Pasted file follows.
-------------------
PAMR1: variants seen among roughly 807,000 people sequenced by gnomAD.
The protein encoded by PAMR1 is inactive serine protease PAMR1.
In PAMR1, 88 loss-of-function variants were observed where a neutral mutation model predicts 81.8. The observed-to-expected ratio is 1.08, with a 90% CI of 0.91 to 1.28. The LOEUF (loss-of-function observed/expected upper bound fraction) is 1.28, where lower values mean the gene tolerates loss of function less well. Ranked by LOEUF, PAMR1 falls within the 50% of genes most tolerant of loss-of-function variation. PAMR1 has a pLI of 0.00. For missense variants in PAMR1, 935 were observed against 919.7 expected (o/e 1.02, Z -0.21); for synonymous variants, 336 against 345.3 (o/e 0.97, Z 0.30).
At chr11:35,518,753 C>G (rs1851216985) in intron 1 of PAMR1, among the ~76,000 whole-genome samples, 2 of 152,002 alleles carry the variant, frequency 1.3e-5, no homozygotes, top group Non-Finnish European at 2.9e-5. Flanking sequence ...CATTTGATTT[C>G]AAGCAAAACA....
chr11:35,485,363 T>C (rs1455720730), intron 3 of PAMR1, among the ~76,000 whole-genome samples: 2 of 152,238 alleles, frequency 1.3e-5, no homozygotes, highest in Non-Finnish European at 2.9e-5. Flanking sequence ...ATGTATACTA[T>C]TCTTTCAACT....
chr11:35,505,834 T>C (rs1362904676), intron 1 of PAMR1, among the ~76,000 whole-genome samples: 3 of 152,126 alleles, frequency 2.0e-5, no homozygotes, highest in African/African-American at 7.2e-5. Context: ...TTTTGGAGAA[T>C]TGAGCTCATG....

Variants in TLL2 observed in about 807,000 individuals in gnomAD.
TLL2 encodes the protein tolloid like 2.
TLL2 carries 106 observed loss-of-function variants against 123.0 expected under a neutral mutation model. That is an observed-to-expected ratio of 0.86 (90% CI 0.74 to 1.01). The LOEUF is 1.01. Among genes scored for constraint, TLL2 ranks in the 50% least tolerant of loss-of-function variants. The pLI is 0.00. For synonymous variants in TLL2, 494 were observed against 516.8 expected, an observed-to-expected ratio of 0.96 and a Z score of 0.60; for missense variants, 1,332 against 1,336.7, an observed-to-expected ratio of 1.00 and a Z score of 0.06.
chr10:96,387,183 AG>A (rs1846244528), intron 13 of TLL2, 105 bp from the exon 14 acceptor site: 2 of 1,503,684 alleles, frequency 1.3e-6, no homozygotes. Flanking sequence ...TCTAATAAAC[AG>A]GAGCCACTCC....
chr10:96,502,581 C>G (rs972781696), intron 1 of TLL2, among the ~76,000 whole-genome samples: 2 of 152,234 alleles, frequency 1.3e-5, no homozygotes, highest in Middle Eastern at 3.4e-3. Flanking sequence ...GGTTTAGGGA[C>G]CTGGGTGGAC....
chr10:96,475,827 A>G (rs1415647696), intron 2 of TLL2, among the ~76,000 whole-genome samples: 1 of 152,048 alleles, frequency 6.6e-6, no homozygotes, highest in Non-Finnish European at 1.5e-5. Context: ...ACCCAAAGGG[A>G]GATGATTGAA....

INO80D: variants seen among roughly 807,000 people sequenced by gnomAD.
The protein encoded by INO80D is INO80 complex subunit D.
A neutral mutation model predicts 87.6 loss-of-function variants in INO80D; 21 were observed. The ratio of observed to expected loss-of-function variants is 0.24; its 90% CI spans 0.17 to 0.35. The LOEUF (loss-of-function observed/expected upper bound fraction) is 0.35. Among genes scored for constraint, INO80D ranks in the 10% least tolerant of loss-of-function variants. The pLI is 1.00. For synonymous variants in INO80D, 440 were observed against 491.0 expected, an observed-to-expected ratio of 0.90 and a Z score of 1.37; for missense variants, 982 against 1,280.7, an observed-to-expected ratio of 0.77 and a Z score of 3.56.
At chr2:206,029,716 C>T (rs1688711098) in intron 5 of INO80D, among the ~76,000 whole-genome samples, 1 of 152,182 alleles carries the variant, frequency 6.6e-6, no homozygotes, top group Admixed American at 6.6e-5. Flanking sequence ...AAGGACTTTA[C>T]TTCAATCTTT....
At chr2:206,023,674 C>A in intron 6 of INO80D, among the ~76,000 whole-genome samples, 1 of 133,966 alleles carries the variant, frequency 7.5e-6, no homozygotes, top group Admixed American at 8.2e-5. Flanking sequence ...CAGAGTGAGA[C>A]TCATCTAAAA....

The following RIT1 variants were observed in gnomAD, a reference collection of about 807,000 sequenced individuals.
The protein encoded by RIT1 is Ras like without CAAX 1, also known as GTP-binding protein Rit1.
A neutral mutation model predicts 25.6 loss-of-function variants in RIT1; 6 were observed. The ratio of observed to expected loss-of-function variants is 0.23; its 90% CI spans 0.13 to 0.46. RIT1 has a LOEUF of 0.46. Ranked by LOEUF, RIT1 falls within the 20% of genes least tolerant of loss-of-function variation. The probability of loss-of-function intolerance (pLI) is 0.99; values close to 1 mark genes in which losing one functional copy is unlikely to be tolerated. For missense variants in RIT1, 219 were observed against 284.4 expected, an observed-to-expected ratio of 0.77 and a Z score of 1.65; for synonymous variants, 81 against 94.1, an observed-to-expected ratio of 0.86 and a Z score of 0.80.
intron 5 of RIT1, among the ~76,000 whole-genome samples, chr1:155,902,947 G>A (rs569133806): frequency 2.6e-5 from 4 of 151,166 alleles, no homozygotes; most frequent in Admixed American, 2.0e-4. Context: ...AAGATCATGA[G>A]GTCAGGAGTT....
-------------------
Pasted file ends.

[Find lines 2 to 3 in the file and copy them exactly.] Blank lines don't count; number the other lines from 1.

The protein encoded by PAMR1 is inactive serine protease PAMR1.
In PAMR1, 88 loss-of-function variants were observed where a neutral mutation model predicts 81.8. The observed-to-expected ratio is 1.08, with a 90% CI of 0.91 to 1.28. The LOEUF (loss-of-function observed/expected upper bound fraction) is 1.28, where lower values mean the gene tolerates loss of function less well. Ranked by LOEUF, PAMR1 falls within the 50% of genes most tolerant of loss-of-function variation. PAMR1 has a pLI of 0.00. For missense variants in PAMR1, 935 were observed against 919.7 expected (o/e 1.02, Z -0.21); for synonymous variants, 336 against 345.3 (o/e 0.97, Z 0.30).